August 11, 2016

Caffè Lena Poetry Open Mic, August 3

During the restoration of Caffè Lena on Phila St. the open mic is being held at Northshire Bookstore on Broadway, & tonight the guest host, filling in for Carol Graser, was — me! I was glad to be able to help out Carol, but doubly pleased because the featured poet was my friend from Ada, OK, the poet Ken Hada, who is also the Director of the annual Scissortail Creative Writing Festival at East Central University in Ada. In honor of the great Okie poets I’ve met at Scissortail I began the night by reading the poem “A Moment in Life” by the late Jim Spurr, who ran a monthly open mic on the third Thursday in Shawnee, OK (which has continued).

Local poet & artist Barbara Garro was the first on the sign-up sheet & read a poem titled “Swan Song.” Sally Rhoades has made the trip to Oklahoma a number of times, & read a couple of related poems, “Fireflies in Cicada” & one from a series written on the Sunday morning after each Scissortail Festival.

He’s back! Charlie Rossiter made his first appearance at a local open mic since moving recently from Chicago, & did one of his old favorites about reading Quincy Troupe & listening to Hayden (complete with drumming on the wooden podium), then a memoir piece “Campus Politics.” When Eric Krantz arrived to sign up he said he had “something completely different” which he did, a humorous political piece, “Di-Di-Oxin,” based on a Hanukkah song.

Ken Hada was back at the Caffè Lena (such as it was tonight) stage as tonight’s featured poet. He began with a new, philosophical piece that quotes Seneca “I Would Like to Say.” His latest book is Persimmon Sunday (Purple Flag Press, 2015). He said the poems in the book are arranged by the 4 seasons, & he read a selection filled with hawks, song birds, the night sky, fish, even rodents & cornstalks. From his 2013 collection Margaritas and Redfish (Lamar University Press) he read 3 poems, including a tale of getting to know wary men at their favorite fishing hole, “Yellow Cottonwoods.” I particularly like his early collection Spare Parts (2010, Mongrel Empire Press) from which he read the short, poignant “Security Guard” & “A Prayer for Old Men.” After reading “Words,” a poem from a new manuscript, he returned to Persimmon Sunday to end with “First Frost” & the title poem. Ken’s reading was warm, contemplative, just like the man himself.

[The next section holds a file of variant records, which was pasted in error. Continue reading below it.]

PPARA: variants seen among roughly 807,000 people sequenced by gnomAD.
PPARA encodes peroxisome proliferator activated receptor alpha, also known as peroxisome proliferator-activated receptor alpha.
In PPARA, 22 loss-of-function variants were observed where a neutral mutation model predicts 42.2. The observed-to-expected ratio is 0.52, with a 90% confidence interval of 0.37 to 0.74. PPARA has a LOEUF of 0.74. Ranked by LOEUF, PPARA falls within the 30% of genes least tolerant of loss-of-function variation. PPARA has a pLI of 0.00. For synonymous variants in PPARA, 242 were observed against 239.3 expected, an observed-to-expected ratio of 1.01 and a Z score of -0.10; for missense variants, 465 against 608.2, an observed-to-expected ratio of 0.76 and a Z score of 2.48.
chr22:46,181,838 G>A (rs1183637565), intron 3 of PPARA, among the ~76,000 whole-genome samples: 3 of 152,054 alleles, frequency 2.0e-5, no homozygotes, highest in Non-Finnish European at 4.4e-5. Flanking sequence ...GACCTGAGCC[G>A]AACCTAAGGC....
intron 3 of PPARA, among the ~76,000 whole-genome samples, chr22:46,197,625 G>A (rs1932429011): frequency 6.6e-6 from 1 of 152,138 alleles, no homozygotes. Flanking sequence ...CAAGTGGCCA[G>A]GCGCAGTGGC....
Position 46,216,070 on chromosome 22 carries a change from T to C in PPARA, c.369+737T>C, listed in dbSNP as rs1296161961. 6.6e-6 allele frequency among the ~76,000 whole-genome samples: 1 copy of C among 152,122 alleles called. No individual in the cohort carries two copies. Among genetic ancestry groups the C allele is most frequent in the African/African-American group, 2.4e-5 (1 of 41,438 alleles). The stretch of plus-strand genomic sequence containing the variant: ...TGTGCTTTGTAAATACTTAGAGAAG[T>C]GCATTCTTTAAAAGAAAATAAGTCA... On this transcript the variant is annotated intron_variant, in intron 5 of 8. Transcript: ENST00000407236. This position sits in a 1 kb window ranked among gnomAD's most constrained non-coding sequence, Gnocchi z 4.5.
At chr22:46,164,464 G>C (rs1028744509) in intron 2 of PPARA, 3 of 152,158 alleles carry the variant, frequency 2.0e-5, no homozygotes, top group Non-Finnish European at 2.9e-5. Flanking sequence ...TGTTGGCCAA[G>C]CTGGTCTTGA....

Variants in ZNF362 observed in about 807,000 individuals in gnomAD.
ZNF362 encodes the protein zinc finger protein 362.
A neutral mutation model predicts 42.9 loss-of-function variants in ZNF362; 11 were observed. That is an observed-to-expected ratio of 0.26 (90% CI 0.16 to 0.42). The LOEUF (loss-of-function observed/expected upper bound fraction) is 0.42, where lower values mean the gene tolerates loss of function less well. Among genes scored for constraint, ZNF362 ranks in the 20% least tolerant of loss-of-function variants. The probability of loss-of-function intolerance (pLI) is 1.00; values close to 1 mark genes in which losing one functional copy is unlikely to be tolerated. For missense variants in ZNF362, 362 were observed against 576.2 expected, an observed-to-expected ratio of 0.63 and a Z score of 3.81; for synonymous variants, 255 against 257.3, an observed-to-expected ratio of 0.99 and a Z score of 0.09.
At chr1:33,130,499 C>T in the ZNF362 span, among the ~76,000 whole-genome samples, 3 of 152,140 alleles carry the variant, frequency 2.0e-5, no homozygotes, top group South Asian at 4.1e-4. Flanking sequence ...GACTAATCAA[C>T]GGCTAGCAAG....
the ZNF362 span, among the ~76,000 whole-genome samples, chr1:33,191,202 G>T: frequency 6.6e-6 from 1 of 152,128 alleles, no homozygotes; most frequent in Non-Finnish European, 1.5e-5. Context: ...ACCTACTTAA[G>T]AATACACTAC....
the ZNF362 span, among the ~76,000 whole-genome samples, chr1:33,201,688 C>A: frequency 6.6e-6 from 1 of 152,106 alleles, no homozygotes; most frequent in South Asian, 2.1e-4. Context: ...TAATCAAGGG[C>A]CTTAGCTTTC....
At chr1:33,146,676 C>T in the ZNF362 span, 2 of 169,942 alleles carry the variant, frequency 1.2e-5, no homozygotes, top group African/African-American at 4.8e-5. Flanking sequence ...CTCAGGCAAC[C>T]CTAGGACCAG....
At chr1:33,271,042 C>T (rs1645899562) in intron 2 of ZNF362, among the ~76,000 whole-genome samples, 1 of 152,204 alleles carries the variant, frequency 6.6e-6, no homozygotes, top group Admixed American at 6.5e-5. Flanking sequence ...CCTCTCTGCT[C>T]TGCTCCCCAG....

After a short break, I returned to the open mic with a new, political piece “When Donald Trump Farts.”

One of the pleasant surprises of the night was the young poet Nicole Presti who read an intricate piece about celebrity role models who are not, about how to behave in the world, with an impressive use of rhyme for emphasis. Rodney Parrott, who is a regular at these open mics, read another piece from his chapbook Momentary Romances. R.K. Cowles brought a stack of books (notebooks?) to the podium, then did just a couple of short, quirky pieces, spending time to flip through the books looking for poems as part of his performance.

The final — & reluctant — performer made a most rare appearance in front of the mic, cajoled by his wife (Sally Rhoades) & others; Hasan Atalay read a political satire song about Hillary Clinton, “At 70,” based on Janis Ian’s hit “At 17” — the folks who rejected it for a satirical revue missed the boat on this one.

The poetry open mic normally held at the historic Caffè Lena on Phila St. on the first Wednesday of the month has been held at the Northshire Bookstore the last few months. I’m not sure when the expected return to Caffè Lena will be, but stay tuned for the location & keep the first Wednesday open on your calendar for poetry in Saratoga Springs.

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